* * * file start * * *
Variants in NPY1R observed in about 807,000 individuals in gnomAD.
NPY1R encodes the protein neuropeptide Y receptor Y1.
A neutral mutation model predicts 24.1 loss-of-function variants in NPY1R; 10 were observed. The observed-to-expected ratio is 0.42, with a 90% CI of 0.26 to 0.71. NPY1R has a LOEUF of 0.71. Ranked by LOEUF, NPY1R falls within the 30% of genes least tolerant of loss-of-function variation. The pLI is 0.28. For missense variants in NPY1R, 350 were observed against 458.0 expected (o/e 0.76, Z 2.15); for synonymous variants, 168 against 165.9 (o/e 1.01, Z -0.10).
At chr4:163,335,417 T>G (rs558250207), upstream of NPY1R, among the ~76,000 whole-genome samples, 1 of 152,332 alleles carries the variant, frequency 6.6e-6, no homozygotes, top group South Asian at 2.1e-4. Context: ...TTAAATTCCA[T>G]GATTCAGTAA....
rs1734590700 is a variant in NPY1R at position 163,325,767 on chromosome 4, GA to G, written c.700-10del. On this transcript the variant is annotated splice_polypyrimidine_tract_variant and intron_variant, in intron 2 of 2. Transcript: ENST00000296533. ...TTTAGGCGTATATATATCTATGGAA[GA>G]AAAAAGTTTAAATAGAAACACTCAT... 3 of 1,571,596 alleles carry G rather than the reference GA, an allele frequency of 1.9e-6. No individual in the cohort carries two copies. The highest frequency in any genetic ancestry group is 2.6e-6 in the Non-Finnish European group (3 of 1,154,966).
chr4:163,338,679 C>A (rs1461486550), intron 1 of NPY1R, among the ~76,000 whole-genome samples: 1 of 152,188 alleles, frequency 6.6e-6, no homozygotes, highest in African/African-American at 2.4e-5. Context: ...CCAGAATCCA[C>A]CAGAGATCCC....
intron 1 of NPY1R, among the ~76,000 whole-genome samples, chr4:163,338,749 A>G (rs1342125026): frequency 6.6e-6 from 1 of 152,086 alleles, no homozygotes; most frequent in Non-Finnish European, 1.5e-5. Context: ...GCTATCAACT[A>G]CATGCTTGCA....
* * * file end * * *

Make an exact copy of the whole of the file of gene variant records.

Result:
Variants in NPY1R observed in about 807,000 individuals in gnomAD.
NPY1R encodes the protein neuropeptide Y receptor Y1.
A neutral mutation model predicts 24.1 loss-of-function variants in NPY1R; 10 were observed. The observed-to-expected ratio is 0.42, with a 90% CI of 0.26 to 0.71. NPY1R has a LOEUF of 0.71. Ranked by LOEUF, NPY1R falls within the 30% of genes least tolerant of loss-of-function variation. The pLI is 0.28. For missense variants in NPY1R, 350 were observed against 458.0 expected (o/e 0.76, Z 2.15); for synonymous variants, 168 against 165.9 (o/e 1.01, Z -0.10).
At chr4:163,335,417 T>G (rs558250207), upstream of NPY1R, among the ~76,000 whole-genome samples, 1 of 152,332 alleles carries the variant, frequency 6.6e-6, no homozygotes, top group South Asian at 2.1e-4. Context: ...TTAAATTCCA[T>G]GATTCAGTAA....
rs1734590700 is a variant in NPY1R at position 163,325,767 on chromosome 4, GA to G, written c.700-10del. On this transcript the variant is annotated splice_polypyrimidine_tract_variant and intron_variant, in intron 2 of 2. Transcript: ENST00000296533. ...TTTAGGCGTATATATATCTATGGAA[GA>G]AAAAAGTTTAAATAGAAACACTCAT... 3 of 1,571,596 alleles carry G rather than the reference GA, an allele frequency of 1.9e-6. No individual in the cohort carries two copies. The highest frequency in any genetic ancestry group is 2.6e-6 in the Non-Finnish European group (3 of 1,154,966).
chr4:163,338,679 C>A (rs1461486550), intron 1 of NPY1R, among the ~76,000 whole-genome samples: 1 of 152,188 alleles, frequency 6.6e-6, no homozygotes, highest in African/African-American at 2.4e-5. Context: ...CCAGAATCCA[C>A]CAGAGATCCC....
intron 1 of NPY1R, among the ~76,000 whole-genome samples, chr4:163,338,749 A>G (rs1342125026): frequency 6.6e-6 from 1 of 152,086 alleles, no homozygotes; most frequent in Non-Finnish European, 1.5e-5. Context: ...GCTATCAACT[A>G]CATGCTTGCA....